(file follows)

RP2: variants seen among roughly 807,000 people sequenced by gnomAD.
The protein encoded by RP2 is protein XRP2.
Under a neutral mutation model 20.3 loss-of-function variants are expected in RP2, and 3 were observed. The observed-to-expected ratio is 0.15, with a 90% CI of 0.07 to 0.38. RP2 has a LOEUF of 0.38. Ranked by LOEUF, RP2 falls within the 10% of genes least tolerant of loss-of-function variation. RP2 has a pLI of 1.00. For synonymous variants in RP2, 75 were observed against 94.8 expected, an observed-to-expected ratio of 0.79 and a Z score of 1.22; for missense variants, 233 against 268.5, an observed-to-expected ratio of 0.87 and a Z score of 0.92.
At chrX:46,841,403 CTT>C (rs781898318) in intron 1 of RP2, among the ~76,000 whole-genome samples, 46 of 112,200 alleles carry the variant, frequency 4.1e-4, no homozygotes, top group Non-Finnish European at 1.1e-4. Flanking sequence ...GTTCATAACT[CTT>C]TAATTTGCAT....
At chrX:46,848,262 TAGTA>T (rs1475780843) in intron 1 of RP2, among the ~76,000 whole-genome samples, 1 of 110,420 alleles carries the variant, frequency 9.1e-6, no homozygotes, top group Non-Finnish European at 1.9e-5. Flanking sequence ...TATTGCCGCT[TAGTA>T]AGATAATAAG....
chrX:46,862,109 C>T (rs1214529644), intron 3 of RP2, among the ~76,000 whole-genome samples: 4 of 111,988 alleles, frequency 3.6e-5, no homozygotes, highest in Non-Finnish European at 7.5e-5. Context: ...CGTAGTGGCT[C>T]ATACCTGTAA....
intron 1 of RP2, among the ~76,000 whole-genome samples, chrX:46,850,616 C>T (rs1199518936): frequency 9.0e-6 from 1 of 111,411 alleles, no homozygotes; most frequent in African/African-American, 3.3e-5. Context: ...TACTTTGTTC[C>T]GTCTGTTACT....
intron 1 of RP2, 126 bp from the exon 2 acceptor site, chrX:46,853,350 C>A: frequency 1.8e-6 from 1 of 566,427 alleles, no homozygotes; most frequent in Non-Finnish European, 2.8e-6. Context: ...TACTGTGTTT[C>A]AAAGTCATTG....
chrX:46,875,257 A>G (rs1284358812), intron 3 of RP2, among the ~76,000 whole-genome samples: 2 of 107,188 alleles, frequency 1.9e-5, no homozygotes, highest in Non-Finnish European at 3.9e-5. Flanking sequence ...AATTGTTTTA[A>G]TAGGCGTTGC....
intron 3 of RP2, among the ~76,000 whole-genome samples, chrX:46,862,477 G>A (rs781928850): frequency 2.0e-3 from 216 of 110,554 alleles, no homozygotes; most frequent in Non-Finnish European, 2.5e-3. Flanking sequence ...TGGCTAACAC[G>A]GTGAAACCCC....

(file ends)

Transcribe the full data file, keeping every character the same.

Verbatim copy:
RP2: variants seen among roughly 807,000 people sequenced by gnomAD.
The protein encoded by RP2 is protein XRP2.
Under a neutral mutation model 20.3 loss-of-function variants are expected in RP2, and 3 were observed. The observed-to-expected ratio is 0.15, with a 90% CI of 0.07 to 0.38. RP2 has a LOEUF of 0.38. Ranked by LOEUF, RP2 falls within the 10% of genes least tolerant of loss-of-function variation. RP2 has a pLI of 1.00. For synonymous variants in RP2, 75 were observed against 94.8 expected, an observed-to-expected ratio of 0.79 and a Z score of 1.22; for missense variants, 233 against 268.5, an observed-to-expected ratio of 0.87 and a Z score of 0.92.
At chrX:46,841,403 CTT>C (rs781898318) in intron 1 of RP2, among the ~76,000 whole-genome samples, 46 of 112,200 alleles carry the variant, frequency 4.1e-4, no homozygotes, top group Non-Finnish European at 1.1e-4. Flanking sequence ...GTTCATAACT[CTT>C]TAATTTGCAT....
At chrX:46,848,262 TAGTA>T (rs1475780843) in intron 1 of RP2, among the ~76,000 whole-genome samples, 1 of 110,420 alleles carries the variant, frequency 9.1e-6, no homozygotes, top group Non-Finnish European at 1.9e-5. Flanking sequence ...TATTGCCGCT[TAGTA>T]AGATAATAAG....
chrX:46,862,109 C>T (rs1214529644), intron 3 of RP2, among the ~76,000 whole-genome samples: 4 of 111,988 alleles, frequency 3.6e-5, no homozygotes, highest in Non-Finnish European at 7.5e-5. Context: ...CGTAGTGGCT[C>T]ATACCTGTAA....
intron 1 of RP2, among the ~76,000 whole-genome samples, chrX:46,850,616 C>T (rs1199518936): frequency 9.0e-6 from 1 of 111,411 alleles, no homozygotes; most frequent in African/African-American, 3.3e-5. Context: ...TACTTTGTTC[C>T]GTCTGTTACT....
intron 1 of RP2, 126 bp from the exon 2 acceptor site, chrX:46,853,350 C>A: frequency 1.8e-6 from 1 of 566,427 alleles, no homozygotes; most frequent in Non-Finnish European, 2.8e-6. Context: ...TACTGTGTTT[C>A]AAAGTCATTG....
chrX:46,875,257 A>G (rs1284358812), intron 3 of RP2, among the ~76,000 whole-genome samples: 2 of 107,188 alleles, frequency 1.9e-5, no homozygotes, highest in Non-Finnish European at 3.9e-5. Flanking sequence ...AATTGTTTTA[A>G]TAGGCGTTGC....
intron 3 of RP2, among the ~76,000 whole-genome samples, chrX:46,862,477 G>A (rs781928850): frequency 2.0e-3 from 216 of 110,554 alleles, no homozygotes; most frequent in Non-Finnish European, 2.5e-3. Flanking sequence ...TGGCTAACAC[G>A]GTGAAACCCC....